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InSyst, Ltd. v. Applied Materials

January 30, 2009

INSYST, LTD., PLAINTIFF AND APPELLANT,
v.
APPLIED MATERIALS, INC., ET AL. DEFENDANTS AND RESPONDENTS.



(Santa Clara County Super. Ct. No. CV-024251). Trial Judge: The Honorable Jack Komar.

The opinion of the court was delivered by: Rushing, P.J.

CERTIFIED FOR PUBLICATION

INTRODUCTION

In this day and age and location, what is popularly called Silicon Valley, electronic mail (e-mail) has virtually supplanted regular mail (sometimes pejoratively dubbed "snail" mail) for many types of communication. The issue presented by the motion under our review is whether an e-mailed notice of the entry of the judgment in this complex litigation was sufficient to start the time running to file a notice of appeal.

Defendants Applied Materials, Inc. and Applied Materials (Israel) Ltd. have filed a motion to dismiss this appeal by plaintiff InSyst, Ltd. as untimely filed. We are asked to determine whether the notice of appeal filed on Tuesday, June, 11, 2008, was timely filed within 60 days after the clerk's mailing of a notice of entry of the judgment on Tuesday, April 15, 2008, or untimely filed on the 61st day after an e-mail service of the judgment on Friday, April 11, 2008. For the reasons stated below, we will deny the motion to dismiss, concluding that the electronic notice in this case did not amount to service of either a notice of entry of judgment or a file-stamped copy of the judgment.

FACTS

On October 4, 2004, the Santa Clara County Superior Court deemed this action to be complex litigation. On August 28, 2006, that court adopted a standing order authorizing electronic filing and service of documents in complex litigation via an electronic service provider. The standing order provides in part: "All parties shall make service upon other parties through the Court's electronic filing system. Parties, or their designated counsel, shall receive all documents electronically filed and served upon them via access to the Court's electronic filing system." "The electronic service of a pleading or other document shall be considered as valid and effective service on all participants and shall have the same legal effect as an original paper document." "The Court may issue, file, and serve notices, orders, and other documents electronically, subject to the provisions of this Standing Order. No paper service will be made by the Court." The standing order does not provide for the time to respond to electronic service.

On April 11, 2008, after a jury trial, the trial judge signed a written judgment in defendants' favor. The judgment was file-stamped as electronically filed at 1:38 p.m. on the court's Web site, http://www/scefiling.org, by www.scefiling.org. At 1:43 p.m., an e-mail notice was transmitted simultaneously to the attorneys of the parties in the case, including six attorneys representing plaintiff. According to the proof of electronic service, the final judgment was "submitted via the [World Wide Web] . . . and served by electronic mail notification." The proof of service explained further that the parties were sent "an electronic mail message" that "identified the document and provided instructions for accessing the document on the [World Wide Web]."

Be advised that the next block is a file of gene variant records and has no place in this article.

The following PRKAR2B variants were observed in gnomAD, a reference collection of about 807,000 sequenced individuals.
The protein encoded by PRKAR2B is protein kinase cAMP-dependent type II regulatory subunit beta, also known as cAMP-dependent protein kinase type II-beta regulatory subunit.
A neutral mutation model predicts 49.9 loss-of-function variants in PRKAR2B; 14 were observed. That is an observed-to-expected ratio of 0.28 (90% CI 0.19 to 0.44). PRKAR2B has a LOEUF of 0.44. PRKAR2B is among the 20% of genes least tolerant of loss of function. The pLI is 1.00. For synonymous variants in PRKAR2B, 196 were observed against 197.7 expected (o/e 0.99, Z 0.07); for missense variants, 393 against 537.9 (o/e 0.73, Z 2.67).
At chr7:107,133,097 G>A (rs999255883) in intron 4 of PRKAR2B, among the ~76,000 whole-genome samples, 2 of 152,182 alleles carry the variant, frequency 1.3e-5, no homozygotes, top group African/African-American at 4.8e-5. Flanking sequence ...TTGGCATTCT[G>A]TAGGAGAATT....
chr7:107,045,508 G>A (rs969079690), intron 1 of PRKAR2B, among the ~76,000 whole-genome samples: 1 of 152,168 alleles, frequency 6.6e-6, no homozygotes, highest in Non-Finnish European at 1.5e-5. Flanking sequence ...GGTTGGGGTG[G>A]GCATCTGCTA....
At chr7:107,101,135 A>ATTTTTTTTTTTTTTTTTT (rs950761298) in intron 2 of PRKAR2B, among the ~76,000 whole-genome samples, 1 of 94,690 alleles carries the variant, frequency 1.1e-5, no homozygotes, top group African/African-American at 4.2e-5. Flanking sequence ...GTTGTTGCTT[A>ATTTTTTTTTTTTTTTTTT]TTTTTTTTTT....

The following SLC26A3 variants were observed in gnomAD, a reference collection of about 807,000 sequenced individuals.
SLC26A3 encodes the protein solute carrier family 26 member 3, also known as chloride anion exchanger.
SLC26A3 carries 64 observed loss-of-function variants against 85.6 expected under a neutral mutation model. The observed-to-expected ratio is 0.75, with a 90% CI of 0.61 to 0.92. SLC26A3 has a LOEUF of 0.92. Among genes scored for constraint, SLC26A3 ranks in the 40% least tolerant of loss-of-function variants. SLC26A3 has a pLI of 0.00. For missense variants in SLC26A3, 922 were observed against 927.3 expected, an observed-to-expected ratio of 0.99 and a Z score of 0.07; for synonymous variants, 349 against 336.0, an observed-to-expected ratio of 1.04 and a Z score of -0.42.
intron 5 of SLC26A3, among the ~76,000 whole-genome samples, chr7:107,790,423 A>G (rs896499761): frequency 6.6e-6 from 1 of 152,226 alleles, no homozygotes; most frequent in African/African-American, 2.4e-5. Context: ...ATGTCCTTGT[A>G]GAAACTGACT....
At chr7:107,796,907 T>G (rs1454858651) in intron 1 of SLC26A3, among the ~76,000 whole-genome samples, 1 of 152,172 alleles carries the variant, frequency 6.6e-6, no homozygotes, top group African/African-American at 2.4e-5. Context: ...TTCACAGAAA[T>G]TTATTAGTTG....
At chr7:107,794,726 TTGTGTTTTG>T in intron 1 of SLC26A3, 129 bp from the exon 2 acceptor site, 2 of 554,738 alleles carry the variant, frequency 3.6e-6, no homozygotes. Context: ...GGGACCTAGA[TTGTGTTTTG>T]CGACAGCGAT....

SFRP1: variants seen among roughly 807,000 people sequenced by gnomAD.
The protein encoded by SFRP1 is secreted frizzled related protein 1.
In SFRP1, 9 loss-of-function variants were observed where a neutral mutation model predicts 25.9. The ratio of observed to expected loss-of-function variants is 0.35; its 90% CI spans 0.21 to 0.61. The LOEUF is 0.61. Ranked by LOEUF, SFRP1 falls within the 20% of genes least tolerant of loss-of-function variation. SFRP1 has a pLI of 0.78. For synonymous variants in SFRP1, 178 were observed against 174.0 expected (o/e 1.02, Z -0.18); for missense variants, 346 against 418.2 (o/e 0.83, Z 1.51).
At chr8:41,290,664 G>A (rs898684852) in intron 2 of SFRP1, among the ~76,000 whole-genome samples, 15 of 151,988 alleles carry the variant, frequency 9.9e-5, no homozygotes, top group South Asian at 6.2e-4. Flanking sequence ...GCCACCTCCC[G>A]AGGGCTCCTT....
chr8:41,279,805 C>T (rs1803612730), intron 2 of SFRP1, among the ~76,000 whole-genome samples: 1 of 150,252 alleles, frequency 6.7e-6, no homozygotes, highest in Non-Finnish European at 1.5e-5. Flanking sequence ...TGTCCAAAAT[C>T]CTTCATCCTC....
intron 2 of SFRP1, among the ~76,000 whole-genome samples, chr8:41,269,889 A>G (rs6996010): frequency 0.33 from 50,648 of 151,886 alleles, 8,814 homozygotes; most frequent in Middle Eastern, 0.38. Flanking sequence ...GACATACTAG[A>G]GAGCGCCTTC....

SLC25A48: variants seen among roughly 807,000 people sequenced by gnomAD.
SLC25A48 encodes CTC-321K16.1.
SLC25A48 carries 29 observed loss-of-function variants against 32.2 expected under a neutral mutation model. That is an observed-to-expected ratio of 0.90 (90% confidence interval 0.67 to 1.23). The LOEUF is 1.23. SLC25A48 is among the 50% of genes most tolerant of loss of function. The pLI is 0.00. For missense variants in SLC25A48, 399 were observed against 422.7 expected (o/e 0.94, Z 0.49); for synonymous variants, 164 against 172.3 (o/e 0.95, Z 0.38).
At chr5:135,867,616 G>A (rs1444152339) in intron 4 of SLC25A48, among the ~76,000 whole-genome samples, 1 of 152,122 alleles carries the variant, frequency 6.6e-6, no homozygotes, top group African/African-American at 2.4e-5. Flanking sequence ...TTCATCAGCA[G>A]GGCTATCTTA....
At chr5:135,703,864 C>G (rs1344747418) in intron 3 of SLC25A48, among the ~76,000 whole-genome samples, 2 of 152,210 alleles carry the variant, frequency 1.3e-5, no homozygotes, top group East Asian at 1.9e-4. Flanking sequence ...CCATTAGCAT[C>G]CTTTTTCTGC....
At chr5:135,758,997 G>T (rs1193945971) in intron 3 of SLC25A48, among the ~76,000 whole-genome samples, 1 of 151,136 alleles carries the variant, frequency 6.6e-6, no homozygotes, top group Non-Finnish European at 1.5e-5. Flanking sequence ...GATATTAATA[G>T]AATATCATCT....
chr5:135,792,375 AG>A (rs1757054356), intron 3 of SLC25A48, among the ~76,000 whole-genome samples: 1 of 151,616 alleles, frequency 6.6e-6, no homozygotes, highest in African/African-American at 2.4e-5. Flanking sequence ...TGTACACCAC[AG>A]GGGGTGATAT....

A copy of the electronic service notice (document #11665) shows that the attorneys were notified that there was a "Final Judgment, signed by Judge Jack Komar (Click here to view document information)." We take judicial notice (Evid. Code, §§ 452, subds. (d), (h), 459) that the underlined passage is a hyperlink that, when clicked, leads to a description of the document. ( (as of Jan. 22, 2009.) That document itself contains a hyperlink that, when clicked, leads to a file-stamped copy of the judgment.

On April 15, 2008, the Clerk of the Santa Clara County Superior Court mailed a document entitled "Notice of Entry of Judgment and Certificate of Mailing" to the attorneys, stating that the judgment was entered on April 11, 2008. On June 11, 2008, 61 days after the e-mail notice, plaintiff filed a notice of appeal from the April 11, 2008 judgment.

THE TIME FOR FILING A NOTICE OF APPEAL

According to Rule 8.104,*fn1 a party has 180 days after a judgment is entered to file a notice of appeal (id. at (a)(3)), unless the time is shortened to 60 days in one of six ways. The time may be shortened if "the party . . . serves or is served by a party with a document entitled 'Notice of Entry' of judgment or a file-stamped copy of the judgment" (id. at (a)(2)) or if "the superior court clerk mails the party filing the notice of appeal" either of these two documents (id. at (a)(1)).*fn2 Under this rule, there are only two kinds of documents that can trigger the time to file a notice of appeal (sometimes hereafter "triggering documents"). (Alan v. American Honda Motor Co., Inc. (2007) 40 Cal.4th 894, 905 (Alan).)

Service by mail of a triggering document does not extend the time to file a notice of appeal.*fn3 The 60 days begins on the date of mailing and does not depend upon the party's actual receipt of the document. (Sharp v. Union Pacific R. R. Co. (1992) 8 Cal.App.4th 357, 360 [mail service by party].) It is the initial mailing or service of a triggering document that commences the running of the time to appeal. The time to file a notice of appeal is not reset or extended by a second or subsequent notice of entry of the same judgment. (Filipescu v. California Housing Finance Agency (1995) 41 ...


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